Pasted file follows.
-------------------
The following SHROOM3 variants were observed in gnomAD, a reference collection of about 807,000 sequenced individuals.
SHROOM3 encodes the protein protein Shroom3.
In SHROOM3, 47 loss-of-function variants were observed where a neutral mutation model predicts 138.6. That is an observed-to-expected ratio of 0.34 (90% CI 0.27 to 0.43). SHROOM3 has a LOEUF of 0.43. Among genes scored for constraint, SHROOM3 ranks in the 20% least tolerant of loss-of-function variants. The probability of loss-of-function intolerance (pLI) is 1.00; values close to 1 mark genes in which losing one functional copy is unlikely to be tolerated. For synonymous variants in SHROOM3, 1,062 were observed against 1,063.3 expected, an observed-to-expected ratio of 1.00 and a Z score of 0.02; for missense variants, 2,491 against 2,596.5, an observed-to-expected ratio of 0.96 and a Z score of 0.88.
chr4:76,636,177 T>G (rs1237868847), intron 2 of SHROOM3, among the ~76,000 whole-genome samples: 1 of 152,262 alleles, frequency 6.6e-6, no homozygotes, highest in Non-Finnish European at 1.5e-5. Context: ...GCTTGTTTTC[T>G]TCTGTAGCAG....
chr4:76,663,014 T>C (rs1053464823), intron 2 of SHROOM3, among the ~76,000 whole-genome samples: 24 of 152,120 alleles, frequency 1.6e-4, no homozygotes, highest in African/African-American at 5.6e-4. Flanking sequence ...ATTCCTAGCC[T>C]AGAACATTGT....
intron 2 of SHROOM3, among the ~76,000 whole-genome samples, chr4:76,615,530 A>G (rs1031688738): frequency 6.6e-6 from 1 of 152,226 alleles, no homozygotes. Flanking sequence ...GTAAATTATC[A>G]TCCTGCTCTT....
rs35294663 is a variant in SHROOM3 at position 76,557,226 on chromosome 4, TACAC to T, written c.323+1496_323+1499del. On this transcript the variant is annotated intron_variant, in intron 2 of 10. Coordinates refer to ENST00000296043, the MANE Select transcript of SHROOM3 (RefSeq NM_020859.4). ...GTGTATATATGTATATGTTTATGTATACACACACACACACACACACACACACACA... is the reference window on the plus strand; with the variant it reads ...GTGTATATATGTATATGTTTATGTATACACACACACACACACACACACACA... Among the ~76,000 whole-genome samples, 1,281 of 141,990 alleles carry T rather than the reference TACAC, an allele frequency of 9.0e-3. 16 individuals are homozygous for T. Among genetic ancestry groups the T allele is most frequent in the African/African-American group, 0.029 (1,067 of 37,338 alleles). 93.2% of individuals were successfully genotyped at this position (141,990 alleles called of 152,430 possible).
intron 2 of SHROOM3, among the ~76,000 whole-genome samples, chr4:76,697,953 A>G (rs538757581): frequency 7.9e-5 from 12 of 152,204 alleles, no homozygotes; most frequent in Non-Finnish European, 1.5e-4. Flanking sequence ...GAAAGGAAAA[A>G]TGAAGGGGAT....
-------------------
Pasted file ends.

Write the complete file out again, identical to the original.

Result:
The following SHROOM3 variants were observed in gnomAD, a reference collection of about 807,000 sequenced individuals.
SHROOM3 encodes the protein protein Shroom3.
In SHROOM3, 47 loss-of-function variants were observed where a neutral mutation model predicts 138.6. That is an observed-to-expected ratio of 0.34 (90% CI 0.27 to 0.43). SHROOM3 has a LOEUF of 0.43. Among genes scored for constraint, SHROOM3 ranks in the 20% least tolerant of loss-of-function variants. The probability of loss-of-function intolerance (pLI) is 1.00; values close to 1 mark genes in which losing one functional copy is unlikely to be tolerated. For synonymous variants in SHROOM3, 1,062 were observed against 1,063.3 expected, an observed-to-expected ratio of 1.00 and a Z score of 0.02; for missense variants, 2,491 against 2,596.5, an observed-to-expected ratio of 0.96 and a Z score of 0.88.
chr4:76,636,177 T>G (rs1237868847), intron 2 of SHROOM3, among the ~76,000 whole-genome samples: 1 of 152,262 alleles, frequency 6.6e-6, no homozygotes, highest in Non-Finnish European at 1.5e-5. Context: ...GCTTGTTTTC[T>G]TCTGTAGCAG....
chr4:76,663,014 T>C (rs1053464823), intron 2 of SHROOM3, among the ~76,000 whole-genome samples: 24 of 152,120 alleles, frequency 1.6e-4, no homozygotes, highest in African/African-American at 5.6e-4. Flanking sequence ...ATTCCTAGCC[T>C]AGAACATTGT....
intron 2 of SHROOM3, among the ~76,000 whole-genome samples, chr4:76,615,530 A>G (rs1031688738): frequency 6.6e-6 from 1 of 152,226 alleles, no homozygotes. Flanking sequence ...GTAAATTATC[A>G]TCCTGCTCTT....
rs35294663 is a variant in SHROOM3 at position 76,557,226 on chromosome 4, TACAC to T, written c.323+1496_323+1499del. On this transcript the variant is annotated intron_variant, in intron 2 of 10. Coordinates refer to ENST00000296043, the MANE Select transcript of SHROOM3 (RefSeq NM_020859.4). ...GTGTATATATGTATATGTTTATGTATACACACACACACACACACACACACACACA... is the reference window on the plus strand; with the variant it reads ...GTGTATATATGTATATGTTTATGTATACACACACACACACACACACACACA... Among the ~76,000 whole-genome samples, 1,281 of 141,990 alleles carry T rather than the reference TACAC, an allele frequency of 9.0e-3. 16 individuals are homozygous for T. Among genetic ancestry groups the T allele is most frequent in the African/African-American group, 0.029 (1,067 of 37,338 alleles). 93.2% of individuals were successfully genotyped at this position (141,990 alleles called of 152,430 possible).
intron 2 of SHROOM3, among the ~76,000 whole-genome samples, chr4:76,697,953 A>G (rs538757581): frequency 7.9e-5 from 12 of 152,204 alleles, no homozygotes; most frequent in Non-Finnish European, 1.5e-4. Flanking sequence ...GAAAGGAAAA[A>G]TGAAGGGGAT....